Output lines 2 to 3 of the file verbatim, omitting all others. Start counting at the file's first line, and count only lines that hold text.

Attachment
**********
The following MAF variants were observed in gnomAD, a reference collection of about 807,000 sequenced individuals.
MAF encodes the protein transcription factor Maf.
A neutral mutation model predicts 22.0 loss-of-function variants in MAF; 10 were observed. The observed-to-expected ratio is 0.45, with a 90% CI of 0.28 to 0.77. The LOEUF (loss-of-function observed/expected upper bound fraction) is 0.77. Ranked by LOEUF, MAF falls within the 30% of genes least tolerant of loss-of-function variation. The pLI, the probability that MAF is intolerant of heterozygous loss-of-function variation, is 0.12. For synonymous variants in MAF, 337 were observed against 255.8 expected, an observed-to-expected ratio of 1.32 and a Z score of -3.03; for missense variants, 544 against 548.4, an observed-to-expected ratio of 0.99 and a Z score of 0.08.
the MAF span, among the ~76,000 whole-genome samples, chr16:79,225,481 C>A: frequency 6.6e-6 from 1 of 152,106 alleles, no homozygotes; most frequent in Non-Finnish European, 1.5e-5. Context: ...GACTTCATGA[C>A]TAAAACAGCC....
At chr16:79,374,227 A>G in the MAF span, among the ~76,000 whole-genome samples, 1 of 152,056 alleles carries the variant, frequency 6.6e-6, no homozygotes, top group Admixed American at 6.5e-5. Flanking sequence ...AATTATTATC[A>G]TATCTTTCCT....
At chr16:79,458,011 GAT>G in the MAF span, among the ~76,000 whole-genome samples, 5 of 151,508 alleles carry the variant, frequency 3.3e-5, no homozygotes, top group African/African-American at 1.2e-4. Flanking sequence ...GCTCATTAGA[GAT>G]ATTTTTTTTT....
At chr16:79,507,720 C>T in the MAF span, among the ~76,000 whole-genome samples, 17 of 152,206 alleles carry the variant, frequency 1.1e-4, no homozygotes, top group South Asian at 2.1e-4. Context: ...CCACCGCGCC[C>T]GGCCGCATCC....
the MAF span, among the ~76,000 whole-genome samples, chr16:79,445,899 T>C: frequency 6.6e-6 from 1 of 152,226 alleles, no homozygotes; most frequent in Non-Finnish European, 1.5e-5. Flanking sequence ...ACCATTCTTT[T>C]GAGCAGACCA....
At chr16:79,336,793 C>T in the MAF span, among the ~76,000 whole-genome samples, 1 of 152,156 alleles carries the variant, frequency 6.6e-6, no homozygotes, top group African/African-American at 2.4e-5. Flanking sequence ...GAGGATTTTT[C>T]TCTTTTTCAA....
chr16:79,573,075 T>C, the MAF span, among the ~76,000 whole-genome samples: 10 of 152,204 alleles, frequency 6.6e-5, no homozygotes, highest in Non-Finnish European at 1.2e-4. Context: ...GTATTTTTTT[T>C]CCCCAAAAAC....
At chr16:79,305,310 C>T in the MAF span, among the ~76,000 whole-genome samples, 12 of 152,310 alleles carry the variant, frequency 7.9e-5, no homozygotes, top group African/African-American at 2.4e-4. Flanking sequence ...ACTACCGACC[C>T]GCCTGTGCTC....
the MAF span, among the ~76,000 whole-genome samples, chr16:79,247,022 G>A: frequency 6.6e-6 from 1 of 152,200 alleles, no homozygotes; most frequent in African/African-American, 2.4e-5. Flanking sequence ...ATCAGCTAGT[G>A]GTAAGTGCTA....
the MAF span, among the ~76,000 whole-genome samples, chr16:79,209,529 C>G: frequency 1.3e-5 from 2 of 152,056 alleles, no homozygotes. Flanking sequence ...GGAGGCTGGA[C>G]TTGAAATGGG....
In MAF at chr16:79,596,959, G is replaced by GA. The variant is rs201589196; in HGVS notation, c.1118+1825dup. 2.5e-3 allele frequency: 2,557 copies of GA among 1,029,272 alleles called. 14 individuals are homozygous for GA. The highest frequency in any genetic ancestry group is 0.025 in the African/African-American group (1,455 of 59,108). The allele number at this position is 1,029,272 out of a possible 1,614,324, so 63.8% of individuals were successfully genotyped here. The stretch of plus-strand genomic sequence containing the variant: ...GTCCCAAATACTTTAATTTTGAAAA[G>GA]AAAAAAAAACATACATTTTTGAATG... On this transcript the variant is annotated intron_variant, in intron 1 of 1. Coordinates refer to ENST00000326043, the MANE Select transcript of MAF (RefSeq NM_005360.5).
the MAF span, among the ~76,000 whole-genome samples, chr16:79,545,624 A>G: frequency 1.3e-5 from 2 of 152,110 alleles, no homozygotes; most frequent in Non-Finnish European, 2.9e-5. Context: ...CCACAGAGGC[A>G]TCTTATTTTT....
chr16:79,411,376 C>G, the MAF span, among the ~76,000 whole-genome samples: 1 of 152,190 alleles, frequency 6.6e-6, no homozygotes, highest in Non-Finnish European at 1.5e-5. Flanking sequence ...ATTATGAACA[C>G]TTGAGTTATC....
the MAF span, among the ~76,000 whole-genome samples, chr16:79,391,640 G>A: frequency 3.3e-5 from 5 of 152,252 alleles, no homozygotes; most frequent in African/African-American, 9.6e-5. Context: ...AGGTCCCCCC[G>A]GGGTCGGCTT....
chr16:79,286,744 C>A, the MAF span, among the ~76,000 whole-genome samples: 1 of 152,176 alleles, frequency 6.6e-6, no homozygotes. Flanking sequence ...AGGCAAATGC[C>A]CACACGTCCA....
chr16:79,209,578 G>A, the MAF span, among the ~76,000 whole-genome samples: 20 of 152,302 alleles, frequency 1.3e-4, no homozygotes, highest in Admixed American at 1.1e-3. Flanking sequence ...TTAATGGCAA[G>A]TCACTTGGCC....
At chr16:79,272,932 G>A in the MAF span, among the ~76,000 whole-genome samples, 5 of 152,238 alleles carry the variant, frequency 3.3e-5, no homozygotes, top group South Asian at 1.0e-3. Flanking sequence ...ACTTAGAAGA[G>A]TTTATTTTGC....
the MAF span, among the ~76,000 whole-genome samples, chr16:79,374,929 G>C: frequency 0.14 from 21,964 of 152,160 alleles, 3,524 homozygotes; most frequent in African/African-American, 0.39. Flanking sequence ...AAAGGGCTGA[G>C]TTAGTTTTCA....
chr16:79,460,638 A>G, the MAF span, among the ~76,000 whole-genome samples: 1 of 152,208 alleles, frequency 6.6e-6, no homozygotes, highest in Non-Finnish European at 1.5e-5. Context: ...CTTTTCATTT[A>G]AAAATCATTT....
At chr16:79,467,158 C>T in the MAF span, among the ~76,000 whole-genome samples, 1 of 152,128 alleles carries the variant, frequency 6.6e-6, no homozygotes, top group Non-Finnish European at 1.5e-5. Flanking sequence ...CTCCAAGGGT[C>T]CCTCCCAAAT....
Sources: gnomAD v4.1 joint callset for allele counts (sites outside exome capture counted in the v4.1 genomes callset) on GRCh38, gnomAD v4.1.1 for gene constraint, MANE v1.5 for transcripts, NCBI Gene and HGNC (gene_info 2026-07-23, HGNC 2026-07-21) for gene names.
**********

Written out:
MAF encodes the protein transcription factor Maf.
A neutral mutation model predicts 22.0 loss-of-function variants in MAF; 10 were observed. The observed-to-expected ratio is 0.45, with a 90% CI of 0.28 to 0.77. The LOEUF (loss-of-function observed/expected upper bound fraction) is 0.77. Ranked by LOEUF, MAF falls within the 30% of genes least tolerant of loss-of-function variation. The pLI, the probability that MAF is intolerant of heterozygous loss-of-function variation, is 0.12. For synonymous variants in MAF, 337 were observed against 255.8 expected, an observed-to-expected ratio of 1.32 and a Z score of -3.03; for missense variants, 544 against 548.4, an observed-to-expected ratio of 0.99 and a Z score of 0.08.